Then there is a fixation with liquidity when the best medium and long term investments tend to be illiquid see Lipper timed portfolios.

    For some reason the capital adequacy of the host trust needs to be higher where liquidity is not immediately available. So they avoid good long term investments

    So if you are concerned with long term sustainable returns you cannot do this with the tools given to advisers for retail customers. With low yeilds 40% of the yeild is a hard argument to win.

    We are getting 8% yeilds on property with hope of some capital appreciation and rising income. I have difficulty placing these for a retail customer as I do with leveraged structures, even with AAA counterparties, for the same regulatory reasons.

    In your earlier message you reminisced about 1980’s high charging contracts

    The reality is that for the majority nothing happens until someone sells. It is no comfort that high charges are avoided by doing nothing.

    Charges within the product are the only way many clients can pay a viable fee we just need to sort out what is reasonable and viable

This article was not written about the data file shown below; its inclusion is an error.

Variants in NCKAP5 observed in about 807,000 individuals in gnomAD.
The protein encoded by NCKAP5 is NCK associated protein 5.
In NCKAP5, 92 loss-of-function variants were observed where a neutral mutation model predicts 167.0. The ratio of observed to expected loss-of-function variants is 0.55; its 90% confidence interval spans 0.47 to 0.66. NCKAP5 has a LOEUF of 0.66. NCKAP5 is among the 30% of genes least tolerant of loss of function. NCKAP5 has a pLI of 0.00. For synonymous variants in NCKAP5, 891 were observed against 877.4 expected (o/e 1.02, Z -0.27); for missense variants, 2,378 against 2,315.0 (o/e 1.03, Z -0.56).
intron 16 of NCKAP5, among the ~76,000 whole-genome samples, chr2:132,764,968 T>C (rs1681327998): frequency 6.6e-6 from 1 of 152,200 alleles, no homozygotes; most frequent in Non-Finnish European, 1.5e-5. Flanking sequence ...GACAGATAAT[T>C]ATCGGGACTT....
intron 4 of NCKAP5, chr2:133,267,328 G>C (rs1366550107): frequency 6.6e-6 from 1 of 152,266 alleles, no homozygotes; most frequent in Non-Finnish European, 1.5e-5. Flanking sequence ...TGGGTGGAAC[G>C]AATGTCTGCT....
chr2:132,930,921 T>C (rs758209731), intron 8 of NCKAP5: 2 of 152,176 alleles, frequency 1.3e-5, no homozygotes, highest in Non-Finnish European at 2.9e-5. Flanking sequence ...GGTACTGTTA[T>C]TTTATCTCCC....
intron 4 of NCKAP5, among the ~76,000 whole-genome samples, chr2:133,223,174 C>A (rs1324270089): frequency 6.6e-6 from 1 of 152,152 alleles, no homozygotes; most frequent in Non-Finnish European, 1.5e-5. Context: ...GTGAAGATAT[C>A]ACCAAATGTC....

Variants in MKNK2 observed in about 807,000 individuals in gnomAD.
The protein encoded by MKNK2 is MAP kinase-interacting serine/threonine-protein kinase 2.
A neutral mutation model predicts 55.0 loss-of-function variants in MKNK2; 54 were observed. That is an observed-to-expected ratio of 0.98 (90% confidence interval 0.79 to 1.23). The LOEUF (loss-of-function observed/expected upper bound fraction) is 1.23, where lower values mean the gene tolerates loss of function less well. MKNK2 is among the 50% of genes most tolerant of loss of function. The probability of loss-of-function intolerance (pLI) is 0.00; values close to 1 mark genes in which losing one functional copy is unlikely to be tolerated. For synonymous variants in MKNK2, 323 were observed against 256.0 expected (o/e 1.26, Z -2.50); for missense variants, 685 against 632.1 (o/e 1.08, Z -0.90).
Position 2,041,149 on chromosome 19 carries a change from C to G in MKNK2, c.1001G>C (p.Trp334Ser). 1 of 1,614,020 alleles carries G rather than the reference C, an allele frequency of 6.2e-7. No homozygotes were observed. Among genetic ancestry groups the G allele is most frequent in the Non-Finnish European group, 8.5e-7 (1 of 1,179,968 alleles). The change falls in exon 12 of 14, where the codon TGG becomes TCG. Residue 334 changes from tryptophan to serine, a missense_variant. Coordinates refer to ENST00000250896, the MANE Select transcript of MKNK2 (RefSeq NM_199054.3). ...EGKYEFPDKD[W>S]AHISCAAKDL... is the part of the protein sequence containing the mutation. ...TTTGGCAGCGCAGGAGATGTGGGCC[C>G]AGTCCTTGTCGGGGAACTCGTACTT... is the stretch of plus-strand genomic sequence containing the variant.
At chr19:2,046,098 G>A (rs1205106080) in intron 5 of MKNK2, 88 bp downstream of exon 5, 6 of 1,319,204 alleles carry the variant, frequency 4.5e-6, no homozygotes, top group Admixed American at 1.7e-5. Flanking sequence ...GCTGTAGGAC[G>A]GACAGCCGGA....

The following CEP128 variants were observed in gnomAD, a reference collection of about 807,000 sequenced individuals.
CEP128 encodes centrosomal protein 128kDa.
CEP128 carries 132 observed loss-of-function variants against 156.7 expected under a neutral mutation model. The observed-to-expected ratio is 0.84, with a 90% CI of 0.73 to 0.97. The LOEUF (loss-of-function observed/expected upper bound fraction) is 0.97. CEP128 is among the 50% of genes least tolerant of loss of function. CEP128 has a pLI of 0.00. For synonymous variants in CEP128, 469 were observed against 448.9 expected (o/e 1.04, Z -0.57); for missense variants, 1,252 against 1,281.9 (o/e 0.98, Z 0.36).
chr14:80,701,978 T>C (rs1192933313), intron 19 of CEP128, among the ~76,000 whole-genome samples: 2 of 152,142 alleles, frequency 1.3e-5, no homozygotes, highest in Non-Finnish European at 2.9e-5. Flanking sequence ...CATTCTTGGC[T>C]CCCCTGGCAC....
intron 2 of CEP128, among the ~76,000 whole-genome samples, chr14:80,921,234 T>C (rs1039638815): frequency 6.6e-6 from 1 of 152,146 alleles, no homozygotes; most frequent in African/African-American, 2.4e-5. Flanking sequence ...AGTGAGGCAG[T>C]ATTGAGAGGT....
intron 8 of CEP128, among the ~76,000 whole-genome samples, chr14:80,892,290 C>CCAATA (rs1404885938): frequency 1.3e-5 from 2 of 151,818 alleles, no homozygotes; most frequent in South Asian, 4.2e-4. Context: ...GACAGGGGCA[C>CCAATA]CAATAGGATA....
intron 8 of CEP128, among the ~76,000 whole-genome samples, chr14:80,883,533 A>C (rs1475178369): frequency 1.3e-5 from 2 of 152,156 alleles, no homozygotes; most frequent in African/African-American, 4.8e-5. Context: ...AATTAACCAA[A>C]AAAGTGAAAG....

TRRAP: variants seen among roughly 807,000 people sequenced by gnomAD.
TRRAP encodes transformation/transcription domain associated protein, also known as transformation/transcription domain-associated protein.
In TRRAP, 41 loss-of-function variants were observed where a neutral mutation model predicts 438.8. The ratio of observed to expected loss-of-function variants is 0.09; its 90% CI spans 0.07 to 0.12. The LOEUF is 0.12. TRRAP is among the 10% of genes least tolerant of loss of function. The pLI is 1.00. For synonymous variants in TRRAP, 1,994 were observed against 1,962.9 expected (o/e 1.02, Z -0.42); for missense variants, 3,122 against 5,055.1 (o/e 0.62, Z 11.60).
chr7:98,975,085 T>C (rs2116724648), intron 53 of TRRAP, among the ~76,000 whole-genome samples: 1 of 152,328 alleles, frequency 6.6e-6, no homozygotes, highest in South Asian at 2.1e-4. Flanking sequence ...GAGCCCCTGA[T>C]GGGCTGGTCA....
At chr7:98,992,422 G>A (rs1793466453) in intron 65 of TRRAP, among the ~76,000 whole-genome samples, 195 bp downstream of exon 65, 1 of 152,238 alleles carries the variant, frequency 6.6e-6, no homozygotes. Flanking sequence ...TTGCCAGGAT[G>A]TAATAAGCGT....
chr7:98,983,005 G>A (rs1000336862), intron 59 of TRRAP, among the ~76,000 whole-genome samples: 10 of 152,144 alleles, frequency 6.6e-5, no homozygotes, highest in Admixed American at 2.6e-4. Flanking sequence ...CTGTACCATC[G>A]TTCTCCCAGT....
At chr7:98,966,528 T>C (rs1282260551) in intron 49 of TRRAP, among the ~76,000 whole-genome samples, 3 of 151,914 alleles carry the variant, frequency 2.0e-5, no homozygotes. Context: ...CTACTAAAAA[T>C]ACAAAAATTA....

Keep up the good work

  4. Dave Thompson says:

    Most of the BSPS steelworkers, that have had no previous investment experience, would have opted for “a wage for life” in retirement if offered it after paying off mortgage and maybe changing the car. A number that I have met think their drawdown income is guaranteed.

  5. Iain PW says:

    Drawdown guidelines should be established with each client well in advance of any withdarwals starting. If the client goes off piste thena ll bets are off. Abraham Okusanya’s Timeline App is excellent startng point for sustainable withdrawal rates. The app uses 117 years of historical market data and ONS cohort longevity projections. You can also incorporate the Kitces’ ratcheting rule (less common) and the Guyton-Klinger (GK) withdrawal rate rules (capital preservation, prosperity and inflation rules all can work – but how many FA amnd FAs know about these and can exploian them to their clients?). Abraham’s own blog and research (he is an actuary after all) is well worth a read. https://finalytiq.co.uk/blog/ For example, targeting income withdarwals from bond funds in a Bear market is a proven strategy (not that you can do that where 1 just fund has been used in the asset allocation mind you – but who would EVER invest like that anyway?)
    Bergen’s ‘safe’ withdrawal rate of 4% has been superceede as there are so many other variables now to consider.
    Not agreeing the guidleines and rules of drawdown in avance with the client is a sure fire way for them to run out of money in retirement and for the adviser to get sued. Too little thought goes into the end game.

  6. Iain PW says:

    sorry for the typos